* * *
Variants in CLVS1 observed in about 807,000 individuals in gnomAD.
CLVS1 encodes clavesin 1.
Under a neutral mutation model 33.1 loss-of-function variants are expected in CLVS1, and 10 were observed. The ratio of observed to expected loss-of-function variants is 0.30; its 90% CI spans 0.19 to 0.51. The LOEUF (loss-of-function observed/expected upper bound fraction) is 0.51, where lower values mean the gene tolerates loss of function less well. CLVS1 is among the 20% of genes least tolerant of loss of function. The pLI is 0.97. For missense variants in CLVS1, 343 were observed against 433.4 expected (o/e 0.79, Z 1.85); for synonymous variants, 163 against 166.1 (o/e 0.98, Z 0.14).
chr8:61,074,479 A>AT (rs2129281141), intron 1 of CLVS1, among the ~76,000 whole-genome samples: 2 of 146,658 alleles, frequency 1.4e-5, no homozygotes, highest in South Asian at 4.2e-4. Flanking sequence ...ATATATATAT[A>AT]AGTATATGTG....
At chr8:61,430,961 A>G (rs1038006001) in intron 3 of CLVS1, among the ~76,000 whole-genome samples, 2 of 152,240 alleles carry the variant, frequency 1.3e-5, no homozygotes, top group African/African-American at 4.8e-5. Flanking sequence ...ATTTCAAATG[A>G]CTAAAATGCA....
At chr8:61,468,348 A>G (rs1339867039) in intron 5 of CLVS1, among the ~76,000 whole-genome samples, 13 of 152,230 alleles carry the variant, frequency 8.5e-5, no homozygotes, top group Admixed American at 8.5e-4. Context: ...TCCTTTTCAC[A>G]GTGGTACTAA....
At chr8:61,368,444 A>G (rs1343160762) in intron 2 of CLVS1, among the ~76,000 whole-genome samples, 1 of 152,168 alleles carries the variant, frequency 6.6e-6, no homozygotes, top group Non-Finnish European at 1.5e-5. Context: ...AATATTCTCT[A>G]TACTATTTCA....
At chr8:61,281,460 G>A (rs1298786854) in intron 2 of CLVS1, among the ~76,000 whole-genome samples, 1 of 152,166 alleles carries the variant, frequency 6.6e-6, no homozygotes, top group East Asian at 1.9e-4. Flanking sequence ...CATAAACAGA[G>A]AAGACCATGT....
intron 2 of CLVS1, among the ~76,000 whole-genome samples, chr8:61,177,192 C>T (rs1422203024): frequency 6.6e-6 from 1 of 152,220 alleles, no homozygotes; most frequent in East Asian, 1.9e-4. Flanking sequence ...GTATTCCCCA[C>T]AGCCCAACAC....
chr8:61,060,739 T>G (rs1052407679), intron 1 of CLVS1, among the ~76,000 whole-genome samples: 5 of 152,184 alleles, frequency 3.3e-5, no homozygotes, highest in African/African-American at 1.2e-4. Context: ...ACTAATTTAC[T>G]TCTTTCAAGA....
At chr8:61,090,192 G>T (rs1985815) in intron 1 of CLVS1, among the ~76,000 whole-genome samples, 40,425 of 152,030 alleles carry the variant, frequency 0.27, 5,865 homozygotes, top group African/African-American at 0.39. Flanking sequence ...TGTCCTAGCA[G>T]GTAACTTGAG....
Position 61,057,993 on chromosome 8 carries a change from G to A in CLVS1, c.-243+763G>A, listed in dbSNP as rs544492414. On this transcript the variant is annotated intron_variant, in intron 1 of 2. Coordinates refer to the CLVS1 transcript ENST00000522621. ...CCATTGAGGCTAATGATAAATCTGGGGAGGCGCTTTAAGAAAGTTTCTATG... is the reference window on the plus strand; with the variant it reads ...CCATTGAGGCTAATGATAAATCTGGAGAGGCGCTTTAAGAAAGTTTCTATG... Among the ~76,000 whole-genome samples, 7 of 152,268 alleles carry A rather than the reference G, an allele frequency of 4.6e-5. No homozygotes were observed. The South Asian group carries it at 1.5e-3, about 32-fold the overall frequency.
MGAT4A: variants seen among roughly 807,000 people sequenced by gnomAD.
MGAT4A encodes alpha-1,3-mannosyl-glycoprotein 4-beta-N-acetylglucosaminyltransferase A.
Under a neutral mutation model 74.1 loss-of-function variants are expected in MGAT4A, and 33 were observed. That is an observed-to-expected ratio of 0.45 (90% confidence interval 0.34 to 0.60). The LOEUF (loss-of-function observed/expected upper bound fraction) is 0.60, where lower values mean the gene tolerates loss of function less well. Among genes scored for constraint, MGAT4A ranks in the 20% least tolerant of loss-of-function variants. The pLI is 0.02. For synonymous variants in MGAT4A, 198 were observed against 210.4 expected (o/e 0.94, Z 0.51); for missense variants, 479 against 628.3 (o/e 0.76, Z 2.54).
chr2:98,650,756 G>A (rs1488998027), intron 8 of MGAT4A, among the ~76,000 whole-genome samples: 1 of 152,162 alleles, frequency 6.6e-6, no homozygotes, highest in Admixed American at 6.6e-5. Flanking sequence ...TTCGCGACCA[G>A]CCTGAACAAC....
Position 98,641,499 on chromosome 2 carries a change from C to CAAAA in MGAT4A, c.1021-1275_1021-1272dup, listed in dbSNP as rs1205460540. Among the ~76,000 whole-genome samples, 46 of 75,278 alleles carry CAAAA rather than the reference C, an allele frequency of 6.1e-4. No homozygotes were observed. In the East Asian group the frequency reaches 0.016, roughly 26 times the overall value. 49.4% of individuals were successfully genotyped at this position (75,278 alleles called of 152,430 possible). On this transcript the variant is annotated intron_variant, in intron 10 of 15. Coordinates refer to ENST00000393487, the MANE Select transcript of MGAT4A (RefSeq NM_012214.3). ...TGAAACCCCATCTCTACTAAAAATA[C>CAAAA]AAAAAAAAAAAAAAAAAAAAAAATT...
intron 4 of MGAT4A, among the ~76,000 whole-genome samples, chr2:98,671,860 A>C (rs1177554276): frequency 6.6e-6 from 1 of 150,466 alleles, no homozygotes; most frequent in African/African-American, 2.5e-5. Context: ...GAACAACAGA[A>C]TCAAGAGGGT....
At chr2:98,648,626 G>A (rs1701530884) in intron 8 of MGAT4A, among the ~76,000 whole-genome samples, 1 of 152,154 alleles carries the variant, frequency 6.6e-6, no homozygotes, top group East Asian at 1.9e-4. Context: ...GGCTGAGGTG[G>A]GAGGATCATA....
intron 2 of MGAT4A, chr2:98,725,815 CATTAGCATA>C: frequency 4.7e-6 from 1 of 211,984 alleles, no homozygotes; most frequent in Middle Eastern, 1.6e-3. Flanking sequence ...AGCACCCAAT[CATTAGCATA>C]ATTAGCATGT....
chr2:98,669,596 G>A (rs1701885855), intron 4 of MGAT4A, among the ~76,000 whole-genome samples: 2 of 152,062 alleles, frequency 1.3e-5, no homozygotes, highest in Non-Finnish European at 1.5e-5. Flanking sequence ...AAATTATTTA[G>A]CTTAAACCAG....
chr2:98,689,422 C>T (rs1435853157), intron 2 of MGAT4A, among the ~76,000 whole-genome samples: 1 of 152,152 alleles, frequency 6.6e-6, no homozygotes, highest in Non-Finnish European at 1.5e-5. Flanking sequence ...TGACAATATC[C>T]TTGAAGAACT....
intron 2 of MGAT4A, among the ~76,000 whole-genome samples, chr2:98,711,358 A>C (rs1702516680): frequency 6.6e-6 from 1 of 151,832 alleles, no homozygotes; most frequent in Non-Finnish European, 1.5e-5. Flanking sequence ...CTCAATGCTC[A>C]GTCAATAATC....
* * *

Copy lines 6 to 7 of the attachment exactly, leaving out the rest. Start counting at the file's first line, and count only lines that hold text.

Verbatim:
At chr8:61,468,348 A>G (rs1339867039) in intron 5 of CLVS1, among the ~76,000 whole-genome samples, 13 of 152,230 alleles carry the variant, frequency 8.5e-5, no homozygotes, top group Admixed American at 8.5e-4. Context: ...TCCTTTTCAC[A>G]GTGGTACTAA....
At chr8:61,368,444 A>G (rs1343160762) in intron 2 of CLVS1, among the ~76,000 whole-genome samples, 1 of 152,168 alleles carries the variant, frequency 6.6e-6, no homozygotes, top group Non-Finnish European at 1.5e-5. Context: ...AATATTCTCT[A>G]TACTATTTCA....